You might have noticed that I like to categorize things into neat and tidy groups, and PDX Coffee Club, which is fast approaching its one year anniversary, is a unique approach that I don’t think I’ve ever encountered in my travels in the US or abroad.
I’m a sucker for a multi-roaster (I like to call them “coffee curators” as opposed to roasters), and the approach here is fairly unique as multi-roaster cafes go. Usually, they’re bringing in beans from around the world (you tend to see a lot of nordic roasters).
However, here, they’re keeping it more local.
Joe, who has tons and tons of experience in coffee running cafes for Blue Bottle and Proud Mary (among others), is passionate about introducing people to all of the amazing roasters right here in Portland.
All of the beans used to make coffee here are from Portland, and Joe has a borderline encyclopedic knowledge of Portland coffee roasters.
He even introduced Matt, a huge coffee nerd who loves discovering new roasters, to a new roaster in town! It was Mae, if you’re curious.
This is another place I bring all of my friends and family who are into coffee, and the main reason for that is Joe.
Joe is everything you could possibly want in a barista – friendly, incredibly knowledgeable (hard to find someone more nerdy about coffee than Matt – and I mean that in a good way), and an all-in-all good hang.
On our first visit to the shop, we sat and chatted with Joe for nearly an hour, covering everything from the optimal mineral content for brewing coffee to what milks are the best for frothing to the ins and outs of managing a cafe, which is the side of coffee that I am decidedly less knowledgeable about, but very interested in learning about.
So, in summary, the two reasons to come here are to try coffees from Portland’s best roasters prepared by a true expert, and to experience some of the most friendly, open service in Portland.
One important thing to know about PDX Coffee Club – they only do espresso-based drinks and tea here due to space limitations. If you’re looking for filter coffee, you’ll have to head elsewhere (I’d suggest either Courier or Less and More, which are both nearby).
In basically every city I’ve ever been to, there’s always one coffee shop that stands out from the rest and instantly becomes a favorite of mine.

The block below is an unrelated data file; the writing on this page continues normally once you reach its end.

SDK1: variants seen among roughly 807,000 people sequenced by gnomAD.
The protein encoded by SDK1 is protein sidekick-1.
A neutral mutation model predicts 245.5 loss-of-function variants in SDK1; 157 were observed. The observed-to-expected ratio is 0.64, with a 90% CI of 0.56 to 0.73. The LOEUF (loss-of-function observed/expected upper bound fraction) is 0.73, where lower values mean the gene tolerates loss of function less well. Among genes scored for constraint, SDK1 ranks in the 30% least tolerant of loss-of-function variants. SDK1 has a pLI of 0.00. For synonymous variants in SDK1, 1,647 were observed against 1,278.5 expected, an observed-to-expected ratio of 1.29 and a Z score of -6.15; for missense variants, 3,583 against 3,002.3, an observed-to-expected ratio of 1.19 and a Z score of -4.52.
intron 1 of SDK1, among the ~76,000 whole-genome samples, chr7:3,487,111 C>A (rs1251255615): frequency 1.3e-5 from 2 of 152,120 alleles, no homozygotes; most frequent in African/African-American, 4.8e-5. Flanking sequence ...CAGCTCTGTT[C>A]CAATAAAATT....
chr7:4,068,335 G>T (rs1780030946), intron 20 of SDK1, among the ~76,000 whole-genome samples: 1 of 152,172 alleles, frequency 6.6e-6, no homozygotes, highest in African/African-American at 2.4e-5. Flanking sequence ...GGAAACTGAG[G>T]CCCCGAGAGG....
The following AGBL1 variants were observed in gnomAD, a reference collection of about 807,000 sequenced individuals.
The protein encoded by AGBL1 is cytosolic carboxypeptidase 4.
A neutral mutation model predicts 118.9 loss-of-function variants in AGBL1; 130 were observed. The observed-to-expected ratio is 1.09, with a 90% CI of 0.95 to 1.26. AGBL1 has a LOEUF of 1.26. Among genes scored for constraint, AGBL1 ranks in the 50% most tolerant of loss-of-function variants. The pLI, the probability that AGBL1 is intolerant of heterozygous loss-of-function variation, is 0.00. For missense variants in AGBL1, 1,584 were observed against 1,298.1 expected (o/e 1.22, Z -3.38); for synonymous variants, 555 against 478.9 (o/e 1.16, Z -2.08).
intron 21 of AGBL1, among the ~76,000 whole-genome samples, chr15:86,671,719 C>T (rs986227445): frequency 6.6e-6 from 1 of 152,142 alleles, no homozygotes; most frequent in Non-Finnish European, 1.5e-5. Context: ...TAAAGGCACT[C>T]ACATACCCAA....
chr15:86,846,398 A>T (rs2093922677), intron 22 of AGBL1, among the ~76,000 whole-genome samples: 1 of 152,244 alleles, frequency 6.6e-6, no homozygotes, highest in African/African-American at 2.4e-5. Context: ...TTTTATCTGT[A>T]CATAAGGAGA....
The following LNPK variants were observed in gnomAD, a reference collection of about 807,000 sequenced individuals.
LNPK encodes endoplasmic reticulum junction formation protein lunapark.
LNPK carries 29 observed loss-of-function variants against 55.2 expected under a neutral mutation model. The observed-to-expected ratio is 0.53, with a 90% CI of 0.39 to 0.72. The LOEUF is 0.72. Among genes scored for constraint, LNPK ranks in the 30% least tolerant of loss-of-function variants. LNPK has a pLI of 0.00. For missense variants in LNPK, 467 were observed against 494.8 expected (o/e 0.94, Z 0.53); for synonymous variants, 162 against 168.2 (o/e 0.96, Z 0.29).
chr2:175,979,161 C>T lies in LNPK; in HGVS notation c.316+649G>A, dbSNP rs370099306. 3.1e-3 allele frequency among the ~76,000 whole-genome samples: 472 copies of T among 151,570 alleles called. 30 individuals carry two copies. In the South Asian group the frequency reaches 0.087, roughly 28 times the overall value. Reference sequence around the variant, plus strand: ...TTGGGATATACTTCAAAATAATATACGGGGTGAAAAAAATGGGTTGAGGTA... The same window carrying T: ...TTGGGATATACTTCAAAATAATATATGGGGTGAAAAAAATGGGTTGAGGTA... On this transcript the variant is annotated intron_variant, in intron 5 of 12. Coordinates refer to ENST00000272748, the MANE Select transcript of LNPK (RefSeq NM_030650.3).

In Portland, that place is undoubtedly Adapt Cafe, a new shop (they opened four months ago at the time of writing) on Milwaukie Avenue just south of Powell.
Here’s why I fell in love.
As you read through this guide, you’ll quickly start to see that Portland is an excellent coffee city. On just about every block in the core of the city, you’ll be able to find a really, really solid cup of coffee. It’s ridiculous.
However, the downside is that a lot of the coffee shops in Portland are essentially the same. To explain why I say that, let me take a second to cover how I think about different kinds of coffee shops.
There are essentially three kinds of coffee shops in my mind.
First, there are the roasters, who roast their own coffee and serve it in their cafes.
Then there are the “monogamists” that work with one roaster, and use their coffee in their cafes (in Portland, you see this a lot, and they’re usually working with Coava or Heart).
The last type, and one that I’ve struggled to find in Portland, is the curators. They bring in beans from different roasters (bonus points if it’s from roasters around the world!) and serve different coffees than you find at most of the normal coffee shops in any given city.
As soon as I walked into Adapt and saw Manhattan Coffee Roasters from Rotterdam on the shelf, I knew I was in for a treat.
Nick, the owner/operator was behind the bar, and introduced me to their options. I went with a drip coffee (Colombian beans roasted by Manhattan), and sat in the corner as Nick talked shop with another coffee professional.
Aside from Nick’s passion for trying new coffees and roasters and bringing them in for locals to try something new, there are a couple of other things I like about Adapt.
- Nick is the owner, operator, barista, finance guy, partnerships manager, and plenty of other titles that I’m probably missing. His passion for trying something a little different is the energy behind the shop, and in my ten minutes or so of chatting with him, I loved his approach and enthusiasm.
- They work with different local artists and vendors, some of which they sell in the shop, some they host popups for. You’ll find beautiful ceramics (from Storied Objects), lovely flower arrangements (from Ruysch), and more. Nick also mentioned that he has plans to expand this part of the offering as time goes on.
Anyway, if you want the chance to try a roaster you’ve never seen before, Adapt is the place to go in Portland.
Address: 4280 SE Milwaukie Avenue (Southeast Portland)
Courier Coffee Roasters
Courier Coffee Roasters is one of my favorite coffee shops in Downtown Portland, right near Powell’s Books. The reason? They unapologetically chart their own path.
While there is certainly no shortage of great coffee shops in Downtown Portland, Courier is a community staple that has been operating in Portland for more than a decade. The name comes from the fact that they used to hand-deliver coffee to Portlanders via bicycle.
It’s not as high-tech and hip as many of the other coffee shops in Portland, but the coffee itself is right up there with the best of them. And it’s a unique approach to focus on the coffee and the experience.